Language Variables

Language variables are one of the primary means for internationalization and localization of CS-Cart, Multi-Vendor, and their add-ons.

Texts in various languages don’t appear in the PHP code or Smarty template files directly—a special function is called instead. The name of the language variable is passed to the function, which then returns the text in one of the languages, depending on the user’s locale.


We have a separate article about the usage of language variables in add-ons.

Declaring Language Variables

PO Files

The translations of CS-Cart, Multi-Vendor, or any add-on are stored in PO files (portable object). Each language must have a separate PO file that stores the values of the language variables.

PO is a widely used format: many services related to localization can import and export PO files. For example, we use Crowdin to translate CS-Cart.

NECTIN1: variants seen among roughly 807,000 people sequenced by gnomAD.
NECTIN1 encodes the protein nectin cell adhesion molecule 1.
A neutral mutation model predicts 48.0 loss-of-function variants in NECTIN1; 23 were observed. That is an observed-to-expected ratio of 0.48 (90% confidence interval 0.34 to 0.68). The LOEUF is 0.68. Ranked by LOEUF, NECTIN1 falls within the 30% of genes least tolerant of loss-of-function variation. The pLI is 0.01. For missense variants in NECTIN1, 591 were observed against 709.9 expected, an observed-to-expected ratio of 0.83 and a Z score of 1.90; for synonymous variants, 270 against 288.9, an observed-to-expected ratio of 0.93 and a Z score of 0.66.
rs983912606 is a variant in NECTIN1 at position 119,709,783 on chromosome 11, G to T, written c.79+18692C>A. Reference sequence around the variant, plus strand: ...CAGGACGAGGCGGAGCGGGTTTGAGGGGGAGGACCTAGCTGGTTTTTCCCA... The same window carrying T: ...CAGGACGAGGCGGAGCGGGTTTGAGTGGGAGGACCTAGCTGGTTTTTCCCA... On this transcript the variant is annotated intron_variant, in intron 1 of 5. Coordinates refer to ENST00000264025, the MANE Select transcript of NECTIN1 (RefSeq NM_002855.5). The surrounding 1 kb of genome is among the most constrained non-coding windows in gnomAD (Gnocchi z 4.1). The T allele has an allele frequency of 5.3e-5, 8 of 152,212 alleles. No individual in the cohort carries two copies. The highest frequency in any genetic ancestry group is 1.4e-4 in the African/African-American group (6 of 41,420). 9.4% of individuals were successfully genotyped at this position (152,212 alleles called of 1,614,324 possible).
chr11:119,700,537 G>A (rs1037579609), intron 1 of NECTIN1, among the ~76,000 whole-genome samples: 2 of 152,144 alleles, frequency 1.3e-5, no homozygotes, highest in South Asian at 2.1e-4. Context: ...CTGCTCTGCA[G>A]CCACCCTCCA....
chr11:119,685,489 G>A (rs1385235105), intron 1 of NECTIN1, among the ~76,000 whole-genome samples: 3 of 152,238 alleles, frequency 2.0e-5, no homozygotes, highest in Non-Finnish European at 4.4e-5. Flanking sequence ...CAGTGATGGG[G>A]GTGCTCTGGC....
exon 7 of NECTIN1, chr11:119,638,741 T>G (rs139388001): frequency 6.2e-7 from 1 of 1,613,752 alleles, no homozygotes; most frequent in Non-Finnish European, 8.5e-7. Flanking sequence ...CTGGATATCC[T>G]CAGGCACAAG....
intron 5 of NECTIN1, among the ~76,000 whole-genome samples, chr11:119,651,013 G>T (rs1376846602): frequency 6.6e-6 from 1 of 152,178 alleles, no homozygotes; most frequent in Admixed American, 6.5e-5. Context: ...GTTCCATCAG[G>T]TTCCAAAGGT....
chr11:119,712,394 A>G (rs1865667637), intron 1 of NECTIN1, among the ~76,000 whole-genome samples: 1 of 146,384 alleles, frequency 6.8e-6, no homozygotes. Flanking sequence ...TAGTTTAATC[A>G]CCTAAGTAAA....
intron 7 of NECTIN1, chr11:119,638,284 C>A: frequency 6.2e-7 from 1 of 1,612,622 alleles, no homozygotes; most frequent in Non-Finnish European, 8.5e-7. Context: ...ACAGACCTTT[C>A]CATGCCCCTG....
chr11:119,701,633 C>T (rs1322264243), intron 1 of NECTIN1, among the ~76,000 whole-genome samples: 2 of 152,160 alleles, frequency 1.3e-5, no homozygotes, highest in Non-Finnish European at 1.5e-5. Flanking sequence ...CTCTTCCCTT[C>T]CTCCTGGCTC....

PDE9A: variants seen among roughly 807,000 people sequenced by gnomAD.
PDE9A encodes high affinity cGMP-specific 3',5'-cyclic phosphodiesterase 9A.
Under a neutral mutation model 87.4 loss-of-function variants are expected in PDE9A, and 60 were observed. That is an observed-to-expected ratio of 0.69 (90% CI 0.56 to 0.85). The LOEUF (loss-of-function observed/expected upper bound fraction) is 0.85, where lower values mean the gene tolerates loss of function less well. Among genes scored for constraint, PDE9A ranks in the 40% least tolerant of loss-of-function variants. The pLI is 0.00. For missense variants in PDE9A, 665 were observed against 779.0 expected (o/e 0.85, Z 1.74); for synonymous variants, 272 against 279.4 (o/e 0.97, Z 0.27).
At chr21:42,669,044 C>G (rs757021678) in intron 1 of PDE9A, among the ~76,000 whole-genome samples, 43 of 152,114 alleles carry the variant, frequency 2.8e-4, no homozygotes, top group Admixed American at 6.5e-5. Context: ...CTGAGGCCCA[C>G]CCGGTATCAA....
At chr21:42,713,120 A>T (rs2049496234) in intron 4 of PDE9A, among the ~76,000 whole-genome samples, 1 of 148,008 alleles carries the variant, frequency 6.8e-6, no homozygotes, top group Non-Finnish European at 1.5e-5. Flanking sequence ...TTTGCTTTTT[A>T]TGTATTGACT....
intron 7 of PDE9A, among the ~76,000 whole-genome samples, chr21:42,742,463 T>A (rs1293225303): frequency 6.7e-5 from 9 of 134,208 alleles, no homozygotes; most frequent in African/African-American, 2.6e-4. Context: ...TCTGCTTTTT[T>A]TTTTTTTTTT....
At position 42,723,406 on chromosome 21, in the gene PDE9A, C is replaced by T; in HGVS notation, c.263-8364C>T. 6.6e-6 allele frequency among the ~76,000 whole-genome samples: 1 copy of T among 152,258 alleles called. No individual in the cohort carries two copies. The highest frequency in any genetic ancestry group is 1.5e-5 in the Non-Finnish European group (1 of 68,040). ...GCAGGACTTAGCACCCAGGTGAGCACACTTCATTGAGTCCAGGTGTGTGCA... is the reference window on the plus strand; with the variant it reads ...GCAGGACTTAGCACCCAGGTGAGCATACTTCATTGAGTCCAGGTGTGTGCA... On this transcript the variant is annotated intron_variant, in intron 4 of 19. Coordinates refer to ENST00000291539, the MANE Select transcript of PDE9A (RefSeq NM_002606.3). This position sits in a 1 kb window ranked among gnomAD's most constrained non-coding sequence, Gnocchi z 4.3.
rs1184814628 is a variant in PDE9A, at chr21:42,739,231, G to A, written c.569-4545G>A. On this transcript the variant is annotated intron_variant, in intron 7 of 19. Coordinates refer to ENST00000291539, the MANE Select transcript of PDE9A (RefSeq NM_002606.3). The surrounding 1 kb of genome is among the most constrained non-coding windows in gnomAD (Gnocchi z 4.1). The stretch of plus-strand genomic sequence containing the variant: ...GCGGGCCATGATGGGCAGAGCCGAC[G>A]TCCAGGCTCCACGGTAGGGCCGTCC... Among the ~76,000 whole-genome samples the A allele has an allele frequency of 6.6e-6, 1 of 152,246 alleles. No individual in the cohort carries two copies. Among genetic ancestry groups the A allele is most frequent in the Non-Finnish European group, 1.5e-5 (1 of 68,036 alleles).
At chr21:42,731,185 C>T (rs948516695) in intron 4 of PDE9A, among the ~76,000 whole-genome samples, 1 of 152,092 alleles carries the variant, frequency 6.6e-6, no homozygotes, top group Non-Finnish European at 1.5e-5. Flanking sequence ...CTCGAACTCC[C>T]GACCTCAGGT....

Learn more about PO files at the GNU project website.

PO files are located in the subfolders of var/langs of your CS-Cart/Multi-Vendor installation. You can edit them with special programs or a simple text editor.

Structure of a Language Variable

This is what a language variable in the PO file for the English language looks like:

msgctxt "Languages::email_marketing.subscription_confirmed"
msgid "Thank you for subscribing to our newsletter"
msgstr "Thank you for subscribing to our newsletter"

And here’s the same language variable in the French PO file:

msgctxt "Languages::email_marketing.subscription_confirmed"
msgid "Thank you for subscribing to our newsletter"
msgstr "Merci de votre inscription à notre newsletter"
  • msgctxt—the message context that serves to identify the same lines of text in different parts of the program. In CS-Cart, Multi-Vendor, and their add-ons we use message context to store the name of the language variable as it appears in the Smarty templates and PHP code (except for the prefixes).

    PO files store the translations of strings, add-on names and descriptions, the names of various settings and sections. That’s why translations for different types of data have different prefixes. The names of the language variables that appear in the PHP or TPL files must begin with the Languages:: prefix.